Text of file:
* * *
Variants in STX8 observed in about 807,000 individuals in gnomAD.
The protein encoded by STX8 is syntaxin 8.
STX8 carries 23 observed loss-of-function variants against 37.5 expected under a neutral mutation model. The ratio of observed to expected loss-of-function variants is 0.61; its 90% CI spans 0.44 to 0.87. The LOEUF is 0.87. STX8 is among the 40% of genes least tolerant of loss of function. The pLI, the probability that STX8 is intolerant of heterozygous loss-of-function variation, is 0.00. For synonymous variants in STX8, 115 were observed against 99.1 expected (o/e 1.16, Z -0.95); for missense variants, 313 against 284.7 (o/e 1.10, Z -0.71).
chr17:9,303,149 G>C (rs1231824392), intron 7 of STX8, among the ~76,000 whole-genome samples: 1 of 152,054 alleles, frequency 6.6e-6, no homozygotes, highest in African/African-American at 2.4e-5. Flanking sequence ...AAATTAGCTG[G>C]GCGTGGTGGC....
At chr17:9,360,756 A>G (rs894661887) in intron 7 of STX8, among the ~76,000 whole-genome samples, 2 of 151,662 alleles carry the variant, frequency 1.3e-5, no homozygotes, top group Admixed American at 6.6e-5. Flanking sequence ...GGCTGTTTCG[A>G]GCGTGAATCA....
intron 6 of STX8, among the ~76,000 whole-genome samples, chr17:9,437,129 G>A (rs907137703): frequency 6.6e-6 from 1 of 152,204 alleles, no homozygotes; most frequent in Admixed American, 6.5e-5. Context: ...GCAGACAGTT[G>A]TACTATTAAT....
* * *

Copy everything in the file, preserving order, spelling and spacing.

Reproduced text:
Variants in STX8 observed in about 807,000 individuals in gnomAD.
The protein encoded by STX8 is syntaxin 8.
STX8 carries 23 observed loss-of-function variants against 37.5 expected under a neutral mutation model. The ratio of observed to expected loss-of-function variants is 0.61; its 90% CI spans 0.44 to 0.87. The LOEUF is 0.87. STX8 is among the 40% of genes least tolerant of loss of function. The pLI, the probability that STX8 is intolerant of heterozygous loss-of-function variation, is 0.00. For synonymous variants in STX8, 115 were observed against 99.1 expected (o/e 1.16, Z -0.95); for missense variants, 313 against 284.7 (o/e 1.10, Z -0.71).
chr17:9,303,149 G>C (rs1231824392), intron 7 of STX8, among the ~76,000 whole-genome samples: 1 of 152,054 alleles, frequency 6.6e-6, no homozygotes, highest in African/African-American at 2.4e-5. Flanking sequence ...AAATTAGCTG[G>C]GCGTGGTGGC....
At chr17:9,360,756 A>G (rs894661887) in intron 7 of STX8, among the ~76,000 whole-genome samples, 2 of 151,662 alleles carry the variant, frequency 1.3e-5, no homozygotes, top group Admixed American at 6.6e-5. Flanking sequence ...GGCTGTTTCG[A>G]GCGTGAATCA....
intron 6 of STX8, among the ~76,000 whole-genome samples, chr17:9,437,129 G>A (rs907137703): frequency 6.6e-6 from 1 of 152,204 alleles, no homozygotes; most frequent in Admixed American, 6.5e-5. Context: ...GCAGACAGTT[G>A]TACTATTAAT....